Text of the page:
For the Quint purchase, the committee looked at several dealer demos built by different manufacturers. The one purchased comes from Pierce Manufacturing of Appleton, Wis., and according to Fahy, “meets 85 percent or so of our requirements. With minor modifications done by the manufacturer, we were able to come up with a unit that will serve the community for over 15 years front line and five years in reserve. The unit is purchased as a new unit (and) comes with a two-year bumper-to-bumper warranty and is fully factory supported just as if we built from scratch.”
The department also recently replaced its battalion chief command vehicle, which is at Station 7. A 2013 Ford Expedition purchased for $32,353 took the place of a 2000 Chevy S-10 Blazer that served as a backup command vehicle. That vehicle has been decommissioned to public works as a non-emergency vehicle, Fahy said.
“This vehicle is probably the most used vehicle on the fire department, as the daily shift commander responds to all large incidents and visits all seven stations every day,” Fahy said.
The battalion chief SUV was purchased through the state’s purchasing cooperative that ensures the lowest price on vehicles going to Illinois municipalities, Fahy noted, adding the manufacturer’s list price was $40,605. It was purchased along with an Elgin police order, he said.
All told, the fire department — which operates out of seven stations — has seven paramedic engines, five ambulances and three aerial ladders, along specialized equipment that includes a brush fire truck, water rescue equipment, a technical rescue truck, a special-events Gator vehicle (small all-terrain utility vehicle), several reserve apparatus, a fire investigation vehicle and a mass casualty trailer.
Meanwhile, Lt. Dan O’Shea said Elgin Police Department received the first two of the 20 replacement vehicles it will be getting for its fleet of more than 100.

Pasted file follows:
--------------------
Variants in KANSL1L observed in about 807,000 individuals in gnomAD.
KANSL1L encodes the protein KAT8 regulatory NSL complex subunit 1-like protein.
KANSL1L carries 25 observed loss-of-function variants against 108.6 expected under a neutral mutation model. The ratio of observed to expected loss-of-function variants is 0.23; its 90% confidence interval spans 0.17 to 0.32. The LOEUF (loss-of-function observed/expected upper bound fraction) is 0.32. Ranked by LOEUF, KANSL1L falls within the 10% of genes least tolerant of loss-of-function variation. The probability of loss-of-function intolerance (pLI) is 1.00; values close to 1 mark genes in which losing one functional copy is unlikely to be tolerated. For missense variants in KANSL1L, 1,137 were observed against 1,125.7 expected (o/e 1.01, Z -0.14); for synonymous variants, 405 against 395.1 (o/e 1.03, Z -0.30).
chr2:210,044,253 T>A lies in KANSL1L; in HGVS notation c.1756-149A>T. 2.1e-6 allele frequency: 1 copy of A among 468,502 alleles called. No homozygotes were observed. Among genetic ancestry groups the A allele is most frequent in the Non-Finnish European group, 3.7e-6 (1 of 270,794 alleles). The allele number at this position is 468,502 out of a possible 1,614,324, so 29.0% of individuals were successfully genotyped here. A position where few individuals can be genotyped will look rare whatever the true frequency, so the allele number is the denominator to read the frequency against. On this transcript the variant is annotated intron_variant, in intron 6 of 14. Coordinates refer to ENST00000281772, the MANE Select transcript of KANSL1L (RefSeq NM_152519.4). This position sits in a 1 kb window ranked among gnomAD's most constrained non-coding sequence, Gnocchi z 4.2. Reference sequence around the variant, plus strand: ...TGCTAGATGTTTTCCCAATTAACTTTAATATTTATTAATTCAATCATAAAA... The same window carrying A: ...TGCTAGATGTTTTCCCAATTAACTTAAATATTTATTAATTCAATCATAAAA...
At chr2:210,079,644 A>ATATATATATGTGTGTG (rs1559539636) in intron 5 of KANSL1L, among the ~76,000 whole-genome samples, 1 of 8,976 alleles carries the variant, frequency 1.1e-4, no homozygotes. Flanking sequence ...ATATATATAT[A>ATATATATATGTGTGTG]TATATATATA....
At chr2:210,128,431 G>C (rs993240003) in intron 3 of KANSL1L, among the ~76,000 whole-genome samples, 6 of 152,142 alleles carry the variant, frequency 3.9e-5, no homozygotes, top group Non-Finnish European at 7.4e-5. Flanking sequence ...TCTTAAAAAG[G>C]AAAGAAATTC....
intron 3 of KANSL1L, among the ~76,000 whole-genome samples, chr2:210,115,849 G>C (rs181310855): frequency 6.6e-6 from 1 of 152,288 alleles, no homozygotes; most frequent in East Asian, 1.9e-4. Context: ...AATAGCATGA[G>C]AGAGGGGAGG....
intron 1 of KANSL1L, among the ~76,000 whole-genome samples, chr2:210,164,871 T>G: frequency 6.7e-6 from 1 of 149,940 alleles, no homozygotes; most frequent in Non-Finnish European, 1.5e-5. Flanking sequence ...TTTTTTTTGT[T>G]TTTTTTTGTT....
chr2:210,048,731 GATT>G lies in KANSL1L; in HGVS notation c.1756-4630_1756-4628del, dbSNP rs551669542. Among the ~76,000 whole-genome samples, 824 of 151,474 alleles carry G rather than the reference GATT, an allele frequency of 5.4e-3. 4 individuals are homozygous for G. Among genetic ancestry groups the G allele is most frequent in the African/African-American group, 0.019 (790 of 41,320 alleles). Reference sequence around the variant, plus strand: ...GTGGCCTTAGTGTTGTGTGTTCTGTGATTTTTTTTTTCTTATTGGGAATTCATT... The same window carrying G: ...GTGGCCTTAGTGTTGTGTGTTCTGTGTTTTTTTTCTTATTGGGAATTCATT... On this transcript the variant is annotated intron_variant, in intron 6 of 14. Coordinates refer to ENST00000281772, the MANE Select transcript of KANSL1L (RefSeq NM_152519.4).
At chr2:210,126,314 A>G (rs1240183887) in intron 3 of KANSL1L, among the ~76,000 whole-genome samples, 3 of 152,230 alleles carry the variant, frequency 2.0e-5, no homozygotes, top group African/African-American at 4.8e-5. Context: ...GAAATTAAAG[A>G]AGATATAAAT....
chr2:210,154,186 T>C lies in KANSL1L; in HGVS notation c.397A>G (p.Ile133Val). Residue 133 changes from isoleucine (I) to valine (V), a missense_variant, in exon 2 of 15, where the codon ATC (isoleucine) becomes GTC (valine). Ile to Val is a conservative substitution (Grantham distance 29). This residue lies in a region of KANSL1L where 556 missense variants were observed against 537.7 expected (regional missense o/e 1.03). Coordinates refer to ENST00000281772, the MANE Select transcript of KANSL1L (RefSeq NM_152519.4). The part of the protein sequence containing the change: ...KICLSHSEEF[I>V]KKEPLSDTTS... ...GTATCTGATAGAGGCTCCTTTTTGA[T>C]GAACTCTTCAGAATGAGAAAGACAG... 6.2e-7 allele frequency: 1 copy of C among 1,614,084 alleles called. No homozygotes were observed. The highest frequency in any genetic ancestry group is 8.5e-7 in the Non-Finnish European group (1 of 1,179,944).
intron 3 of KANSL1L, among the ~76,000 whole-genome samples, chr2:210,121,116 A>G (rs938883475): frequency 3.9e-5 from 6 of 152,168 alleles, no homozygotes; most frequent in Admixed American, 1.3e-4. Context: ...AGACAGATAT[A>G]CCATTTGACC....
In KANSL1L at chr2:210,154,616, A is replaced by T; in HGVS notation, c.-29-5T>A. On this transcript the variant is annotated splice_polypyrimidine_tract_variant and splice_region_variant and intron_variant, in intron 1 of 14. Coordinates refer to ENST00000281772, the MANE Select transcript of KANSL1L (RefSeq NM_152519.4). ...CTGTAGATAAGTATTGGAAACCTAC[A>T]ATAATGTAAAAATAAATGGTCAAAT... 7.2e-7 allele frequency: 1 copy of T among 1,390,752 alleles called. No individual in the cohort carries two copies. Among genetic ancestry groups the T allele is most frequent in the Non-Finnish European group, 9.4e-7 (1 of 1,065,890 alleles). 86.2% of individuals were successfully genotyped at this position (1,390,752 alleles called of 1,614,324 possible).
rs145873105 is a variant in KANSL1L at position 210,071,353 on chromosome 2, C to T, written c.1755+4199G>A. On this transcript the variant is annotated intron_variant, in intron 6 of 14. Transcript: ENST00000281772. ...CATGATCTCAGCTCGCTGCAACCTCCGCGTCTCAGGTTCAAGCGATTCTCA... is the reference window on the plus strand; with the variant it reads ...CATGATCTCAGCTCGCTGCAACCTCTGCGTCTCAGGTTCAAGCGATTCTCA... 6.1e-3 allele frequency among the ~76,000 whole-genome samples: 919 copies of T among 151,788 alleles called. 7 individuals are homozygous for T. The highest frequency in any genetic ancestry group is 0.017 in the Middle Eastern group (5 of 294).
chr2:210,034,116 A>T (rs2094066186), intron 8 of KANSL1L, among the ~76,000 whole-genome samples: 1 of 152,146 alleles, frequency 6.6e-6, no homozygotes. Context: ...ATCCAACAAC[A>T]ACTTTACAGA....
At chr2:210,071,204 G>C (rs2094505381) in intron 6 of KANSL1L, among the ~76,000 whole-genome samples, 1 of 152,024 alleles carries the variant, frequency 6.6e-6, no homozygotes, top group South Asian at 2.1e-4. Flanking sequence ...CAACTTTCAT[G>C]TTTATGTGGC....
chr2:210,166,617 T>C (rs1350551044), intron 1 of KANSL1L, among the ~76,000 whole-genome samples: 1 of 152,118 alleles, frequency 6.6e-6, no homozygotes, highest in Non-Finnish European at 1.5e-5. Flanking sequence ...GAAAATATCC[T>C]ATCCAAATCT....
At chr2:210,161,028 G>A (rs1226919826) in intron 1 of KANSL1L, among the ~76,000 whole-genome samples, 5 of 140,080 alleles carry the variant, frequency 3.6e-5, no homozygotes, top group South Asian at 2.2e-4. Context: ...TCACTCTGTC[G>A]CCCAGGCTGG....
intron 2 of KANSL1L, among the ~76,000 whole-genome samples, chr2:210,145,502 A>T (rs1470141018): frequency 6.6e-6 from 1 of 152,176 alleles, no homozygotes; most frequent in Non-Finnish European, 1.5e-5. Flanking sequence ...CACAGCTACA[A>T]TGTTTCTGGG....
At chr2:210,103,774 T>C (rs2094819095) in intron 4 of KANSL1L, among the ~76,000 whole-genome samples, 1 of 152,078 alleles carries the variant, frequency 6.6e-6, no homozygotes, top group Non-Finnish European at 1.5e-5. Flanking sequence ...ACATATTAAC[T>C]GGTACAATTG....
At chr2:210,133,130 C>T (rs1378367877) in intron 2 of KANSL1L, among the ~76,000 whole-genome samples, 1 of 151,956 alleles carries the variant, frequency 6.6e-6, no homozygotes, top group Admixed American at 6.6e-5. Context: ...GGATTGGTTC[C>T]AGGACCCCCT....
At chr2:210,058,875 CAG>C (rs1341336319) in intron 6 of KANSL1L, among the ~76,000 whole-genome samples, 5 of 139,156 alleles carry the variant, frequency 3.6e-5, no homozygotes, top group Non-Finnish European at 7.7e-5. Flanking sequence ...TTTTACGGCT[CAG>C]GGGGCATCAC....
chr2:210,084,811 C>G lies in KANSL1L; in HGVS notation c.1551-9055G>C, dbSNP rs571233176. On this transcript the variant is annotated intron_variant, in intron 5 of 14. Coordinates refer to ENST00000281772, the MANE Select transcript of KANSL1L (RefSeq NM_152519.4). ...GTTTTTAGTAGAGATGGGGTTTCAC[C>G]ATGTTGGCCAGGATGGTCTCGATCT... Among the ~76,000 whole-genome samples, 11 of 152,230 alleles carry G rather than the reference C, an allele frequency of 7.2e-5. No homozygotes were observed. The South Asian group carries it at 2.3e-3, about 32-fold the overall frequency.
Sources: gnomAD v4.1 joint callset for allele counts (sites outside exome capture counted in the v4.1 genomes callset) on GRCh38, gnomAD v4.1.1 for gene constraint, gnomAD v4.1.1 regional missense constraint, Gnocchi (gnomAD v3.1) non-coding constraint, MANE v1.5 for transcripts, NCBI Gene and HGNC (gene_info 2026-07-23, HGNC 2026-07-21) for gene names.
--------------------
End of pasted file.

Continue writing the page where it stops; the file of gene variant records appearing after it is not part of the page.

Gradually, the department will be getting 12 police-style Ford “Interceptor Utilities” (Explorers), two “Interceptors” (Tauruses), two Chevy Caprices, two unmarked investigator cars, and two specialty prisoner transport vans for about $700,000. O’Shea said this will be the first time that Elgin police will be using utility vehicles for beat patrols.
The move came about with last year being the final one Ford produced the Crown Victoria, the longtime favorite model for squad cars. As such, throughout 2012, Elgin police test-drove potential squads being offered by Ford, Chevrolet and Dodge, including trips to a test track in Joliet.
Police feel the all-wheel-drive Explorers will come in handy in winter and wet weather, O’Shea said. Elgin police also looked at natural gas vehicles but found a lack of accessibility to fuel at this point. And hybrid vehicles still remain less cost effective than ones with engines that just use gasoline.
Some of the vehicles were purchased through the state’s cooperative bidding program, with most coming through a suburban Chicago co-op, O’Shea said. The vans were put out to bid, with the winning one coming from Biggers Chevrolet in Elgin, he noted.
To complete the conversion for police use, the vehicles are brought to Ultra Strobe Communications in Crystal Lake. The squads come in all black, then have their doors painted white, O’Shea said.
Elgin police have been on a schedule to replace vehicles every two years. The old squads all had about 160,000 miles on them, and, with them being used pretty much all day, “really took a beating,” O’Shea said.
They all will wind up at auction, with the money brought in going back to the city.